We can't afford to be lenient on sex offenders

February 25, 2010

This is in response to Dan Rodricks' Feb. 25 article "Will sex offender have to pay for old crimes?"

I strongly disagree with Mr. Rodricks' opinion piece on "Larry," the man discussed in his column, who was convicted in 1995 of trying to have sex with a 13-year-old prostitute. Mr. Rodicks argues that since Larry's conviction, he has evidently rehabilitated himself. Therefore, he should not have to be subjected to proposed legislation requiring placement on the sex offender registry of those whose convictions are over 15 years old.

According to Mr. Rodricks, such laws would be a manifest injustice and would only serve to publicly shame and seriously disrupt the lives of offenders who are no longer a threat.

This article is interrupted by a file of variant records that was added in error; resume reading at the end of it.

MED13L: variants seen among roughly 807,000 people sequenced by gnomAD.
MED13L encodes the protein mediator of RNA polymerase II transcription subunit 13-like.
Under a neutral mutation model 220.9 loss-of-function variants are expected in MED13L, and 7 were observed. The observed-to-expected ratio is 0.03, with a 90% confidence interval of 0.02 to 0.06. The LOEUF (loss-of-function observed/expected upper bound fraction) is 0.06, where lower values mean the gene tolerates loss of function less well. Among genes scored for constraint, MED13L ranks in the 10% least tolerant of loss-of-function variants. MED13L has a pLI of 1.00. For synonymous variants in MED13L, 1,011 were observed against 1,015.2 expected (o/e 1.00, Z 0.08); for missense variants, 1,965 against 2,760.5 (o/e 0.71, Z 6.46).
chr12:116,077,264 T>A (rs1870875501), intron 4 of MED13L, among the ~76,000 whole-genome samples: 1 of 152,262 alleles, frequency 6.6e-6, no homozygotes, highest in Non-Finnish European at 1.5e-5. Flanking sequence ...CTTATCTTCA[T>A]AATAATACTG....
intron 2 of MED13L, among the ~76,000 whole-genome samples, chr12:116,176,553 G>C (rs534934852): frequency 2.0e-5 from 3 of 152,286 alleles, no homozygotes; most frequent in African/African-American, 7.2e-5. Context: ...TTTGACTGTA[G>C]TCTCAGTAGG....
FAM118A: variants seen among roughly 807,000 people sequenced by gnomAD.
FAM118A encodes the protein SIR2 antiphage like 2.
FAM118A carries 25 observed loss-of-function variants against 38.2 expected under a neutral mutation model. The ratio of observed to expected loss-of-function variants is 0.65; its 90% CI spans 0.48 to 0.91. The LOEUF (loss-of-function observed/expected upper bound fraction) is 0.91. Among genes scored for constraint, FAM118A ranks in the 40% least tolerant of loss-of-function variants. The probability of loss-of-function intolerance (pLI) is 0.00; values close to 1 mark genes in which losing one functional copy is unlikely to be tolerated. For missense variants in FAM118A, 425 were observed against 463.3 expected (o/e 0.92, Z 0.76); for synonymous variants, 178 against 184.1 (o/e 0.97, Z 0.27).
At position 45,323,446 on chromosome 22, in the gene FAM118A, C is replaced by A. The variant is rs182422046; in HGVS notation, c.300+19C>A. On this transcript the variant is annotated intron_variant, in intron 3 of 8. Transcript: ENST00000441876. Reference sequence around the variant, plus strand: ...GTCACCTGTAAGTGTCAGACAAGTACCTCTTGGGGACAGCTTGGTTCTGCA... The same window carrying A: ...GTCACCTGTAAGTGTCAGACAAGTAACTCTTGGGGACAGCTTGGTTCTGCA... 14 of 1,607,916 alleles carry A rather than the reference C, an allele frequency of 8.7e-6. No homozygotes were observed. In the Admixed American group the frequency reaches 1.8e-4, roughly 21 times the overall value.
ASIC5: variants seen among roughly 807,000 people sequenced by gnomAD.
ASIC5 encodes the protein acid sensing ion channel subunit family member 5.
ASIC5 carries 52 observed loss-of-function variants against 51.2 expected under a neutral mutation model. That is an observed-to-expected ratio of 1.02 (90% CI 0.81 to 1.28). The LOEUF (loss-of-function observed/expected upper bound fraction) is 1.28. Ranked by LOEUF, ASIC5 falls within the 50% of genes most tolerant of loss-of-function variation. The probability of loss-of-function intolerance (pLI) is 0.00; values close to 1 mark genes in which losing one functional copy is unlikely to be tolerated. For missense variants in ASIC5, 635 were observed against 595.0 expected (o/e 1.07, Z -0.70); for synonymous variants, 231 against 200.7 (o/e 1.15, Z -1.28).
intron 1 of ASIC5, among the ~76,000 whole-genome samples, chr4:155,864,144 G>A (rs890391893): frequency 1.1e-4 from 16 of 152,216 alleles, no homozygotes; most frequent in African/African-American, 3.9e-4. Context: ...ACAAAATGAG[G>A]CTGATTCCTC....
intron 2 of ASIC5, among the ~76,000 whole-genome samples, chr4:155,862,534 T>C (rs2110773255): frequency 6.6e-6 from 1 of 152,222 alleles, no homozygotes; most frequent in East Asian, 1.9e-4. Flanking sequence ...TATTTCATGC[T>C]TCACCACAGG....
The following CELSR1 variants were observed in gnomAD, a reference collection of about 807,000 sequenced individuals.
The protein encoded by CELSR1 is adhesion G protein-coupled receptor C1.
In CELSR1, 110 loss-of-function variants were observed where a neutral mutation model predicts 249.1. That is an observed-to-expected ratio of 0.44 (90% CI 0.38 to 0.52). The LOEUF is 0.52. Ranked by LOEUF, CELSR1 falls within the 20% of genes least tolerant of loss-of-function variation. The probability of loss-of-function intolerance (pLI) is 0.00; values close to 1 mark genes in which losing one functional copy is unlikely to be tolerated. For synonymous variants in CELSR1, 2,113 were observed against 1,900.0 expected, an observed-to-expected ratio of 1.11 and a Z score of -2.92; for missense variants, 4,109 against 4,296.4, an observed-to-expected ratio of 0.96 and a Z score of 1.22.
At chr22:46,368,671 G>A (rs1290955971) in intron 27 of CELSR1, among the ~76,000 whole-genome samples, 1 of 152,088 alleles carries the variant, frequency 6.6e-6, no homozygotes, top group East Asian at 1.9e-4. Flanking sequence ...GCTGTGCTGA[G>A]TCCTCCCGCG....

While Mr. Rodicks is entitled to express his concern for the welfare of convicted child molesters, I would like to remind him that all of us must live with the consequences of our actions. In fact, some of us, like those who have suffered at the hands of a child sex predator, must live with the consequences of other people's actions.

Given the social costs of these offenses, we cannot afford to be lenient. If this means that a few legitimately rehabilitated pedophiles get hurt in the process, so be it.

I'm sorry, but I cannot muster up much sympathy for anyone who made a choice to seek out sex with a 13 year old child.

Philip Kaplan, Towson

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